He was conscious of no pain, but only of irritation. There was a needle in his arm, and he removed it!
He opened his eyes slowly, to find himself the center of a group of men, while a white-clothed doctor stood staring at an empty hand that must have held a hypodermic.
Ellen cried out suddenly, and ran to him, cradling his head in her hands. He found her arm with his own hand, and stroked it slowly.
"You've found the answer?" he asked. Then he nodded, while the weight that had lain on him so long began to lift. His voice was suddenly positive. "You found it!"
One of the men pushed forward, but Dan shook his head, and came over to stand beside the cot where Hawkes lay. "No, Will. They didn't find it—you did! You found what we should have known—your unconscious mind may be a wild beast, but it isn't insane. When it was shocked into realizing that it couldn't save you by itself, it looked for help from your consciousness. And then it knocked you out—knocked itself out—until we could work on you."
"I guessed it," Hawkes said slowly. "But in that case, a psychotic with his id out in the driver's seat should become normal when they lock him up. Or wait—maybe his unconsciousness is a bit insane. Maybe. But you still have to communicate with that unconscious part of the brain, to make it understand that it has to surrender. And all the psychiatrists have been driving themselves crazy trying to solve that!"
"Touché," an older man said, and there was a faint sound of amusement from some of the others. "But this psi factor is the means of communication! You told us that yourself, while you were undergoing our hastily improvised hypnotic education of your brain. It always has been. The minute a girl bothered with poltergeists finds she is the cause of them, they stop. It's a faint, weak channel between consciousness and unconsciousness—or subconsciousness, if you prefer. And yours was widened by the treatment, even if it wasn't ready to work yet. We simply used your own technique to improve the relationship. All you ever needed was a longer, harder treatment than you and Meinzer had given yourselves. You just stopped too soon."
Hawkes dropped back comfortably onto the cot. He reached out for a glass of water, lifted it to his lips, and put it back—without using his hands. He thought of his clothes, and they were suddenly on him, over the single white garment he had been wearing. Another thought took that away, to leave him normally dressed.
Whether they were entirely correct or not in their theories, the psi factor was no longer wild. He had it under full control!
He sat up, just as three men entered the crowded room. One wore the uniform of a four-star general, but the familiar faces of the two civilians told Hawkes at once that they were more important than any general could be.
He was about to become officially the National Arsenal and replacement for all the armies, navies, and air-corps they had ever dreamed of having. He'd also become their bridge into space, their means of solving the secrets of the planets, and probably their chief historical tool, since nothing could ever be secret from him.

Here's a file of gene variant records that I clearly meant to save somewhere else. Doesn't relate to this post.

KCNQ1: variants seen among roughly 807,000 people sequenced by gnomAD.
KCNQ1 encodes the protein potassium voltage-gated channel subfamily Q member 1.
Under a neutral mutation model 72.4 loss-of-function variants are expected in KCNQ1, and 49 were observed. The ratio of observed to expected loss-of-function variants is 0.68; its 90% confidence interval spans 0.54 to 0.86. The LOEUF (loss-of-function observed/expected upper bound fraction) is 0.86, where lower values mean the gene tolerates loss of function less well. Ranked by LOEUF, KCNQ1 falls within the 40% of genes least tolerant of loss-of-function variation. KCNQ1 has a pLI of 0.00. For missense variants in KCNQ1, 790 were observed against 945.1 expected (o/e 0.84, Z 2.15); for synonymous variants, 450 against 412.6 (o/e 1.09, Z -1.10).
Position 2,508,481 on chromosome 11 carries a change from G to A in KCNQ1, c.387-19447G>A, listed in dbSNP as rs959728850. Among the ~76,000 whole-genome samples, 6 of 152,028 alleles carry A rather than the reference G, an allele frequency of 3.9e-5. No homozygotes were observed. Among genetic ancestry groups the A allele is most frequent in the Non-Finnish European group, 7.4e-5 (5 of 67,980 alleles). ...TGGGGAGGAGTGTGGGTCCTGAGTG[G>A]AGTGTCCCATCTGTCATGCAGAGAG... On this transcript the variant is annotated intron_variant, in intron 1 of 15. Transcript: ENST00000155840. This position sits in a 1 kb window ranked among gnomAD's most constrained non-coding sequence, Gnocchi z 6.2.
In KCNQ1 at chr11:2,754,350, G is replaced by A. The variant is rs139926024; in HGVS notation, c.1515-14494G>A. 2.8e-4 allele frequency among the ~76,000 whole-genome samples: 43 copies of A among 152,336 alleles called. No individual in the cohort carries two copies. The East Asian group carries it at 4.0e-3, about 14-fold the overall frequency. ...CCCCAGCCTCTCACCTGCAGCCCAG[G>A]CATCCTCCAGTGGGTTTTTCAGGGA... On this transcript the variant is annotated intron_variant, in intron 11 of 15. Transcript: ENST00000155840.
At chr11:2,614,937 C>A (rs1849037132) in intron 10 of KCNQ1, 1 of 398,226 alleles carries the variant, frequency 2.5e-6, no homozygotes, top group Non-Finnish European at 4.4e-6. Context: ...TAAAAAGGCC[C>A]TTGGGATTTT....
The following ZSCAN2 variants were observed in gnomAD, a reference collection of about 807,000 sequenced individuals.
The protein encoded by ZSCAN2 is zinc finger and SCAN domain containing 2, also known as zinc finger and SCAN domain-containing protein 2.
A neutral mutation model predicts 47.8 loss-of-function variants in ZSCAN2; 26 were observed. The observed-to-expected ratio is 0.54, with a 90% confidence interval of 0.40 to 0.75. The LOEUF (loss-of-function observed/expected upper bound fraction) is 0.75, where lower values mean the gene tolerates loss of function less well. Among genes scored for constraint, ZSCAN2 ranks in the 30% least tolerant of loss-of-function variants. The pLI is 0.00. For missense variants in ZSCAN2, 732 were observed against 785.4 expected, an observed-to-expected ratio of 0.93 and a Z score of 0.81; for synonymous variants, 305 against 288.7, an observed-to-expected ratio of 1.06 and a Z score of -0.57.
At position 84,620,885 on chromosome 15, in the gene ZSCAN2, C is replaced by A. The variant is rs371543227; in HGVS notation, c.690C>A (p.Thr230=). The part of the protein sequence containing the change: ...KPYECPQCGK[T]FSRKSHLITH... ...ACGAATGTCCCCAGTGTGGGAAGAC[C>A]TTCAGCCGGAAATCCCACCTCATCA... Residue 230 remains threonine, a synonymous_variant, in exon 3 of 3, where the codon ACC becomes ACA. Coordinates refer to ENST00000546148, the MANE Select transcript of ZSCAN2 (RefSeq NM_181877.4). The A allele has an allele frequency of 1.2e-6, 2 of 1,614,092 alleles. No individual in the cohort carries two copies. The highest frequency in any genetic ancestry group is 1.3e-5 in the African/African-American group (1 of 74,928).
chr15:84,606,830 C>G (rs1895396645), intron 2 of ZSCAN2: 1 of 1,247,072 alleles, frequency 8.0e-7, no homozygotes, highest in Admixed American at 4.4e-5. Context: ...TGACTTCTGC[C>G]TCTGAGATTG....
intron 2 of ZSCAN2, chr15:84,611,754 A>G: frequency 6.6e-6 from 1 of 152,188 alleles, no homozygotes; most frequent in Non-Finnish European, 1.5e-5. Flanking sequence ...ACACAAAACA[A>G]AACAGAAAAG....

It was going to be a busy life for him and for the others like him who would now be carefully selected and treated!
He grinned faintly, as he realized that they didn't know yet just how important he was. He wasn't going to be a National Resource—he'd be a World Resource. This power was too great for any local political use, and no man who had it along with the full correlation of his conscious and subconscious mind could ever see it any other way.
But right now, he had other pressing business. He grinned at Ellen. "You don't mind a small wedding, do you?" he asked.
She shook her head, beginning to smile. He reached for her hand. This psi factor was going to be a handy thing to have around, with its complete control of space and time.
"I'm taking a two-week honeymoon before we talk business," he told the approaching three men. "But don't go away. We'll be back in ten minutes!"
Honolulu looked lovely in the moonlight, and June was the perfect month for a wedding.
EDITORIAL NOTE: Actually, Pursuit ends where the real story is just beginning! Disregarding other powers, when men can move instantly over any distance by simple desire, it's the beginning of a life and culture totally unrelated to anything we know. What will it be like? Where should houses be built—and will they be built? A housewife can have her dining-room in the mountains and her kitchen in a community (to simplify and cheapen plumbing, etc.) 10,000 miles away, or on another planet! There can be no national boundaries, of course. What happens to the multiplicity of languages? What happens to government? How do you catch a criminal? How do you hold him?
There are endless possibilities, naturally. We're tossing it open to the readers. You tell us what you think that world will be like—if you can! We'll print the best letters—and if the authors want to use this background, we'll buy the best stories based on it.
We will not be responsible for mental break-downs, however!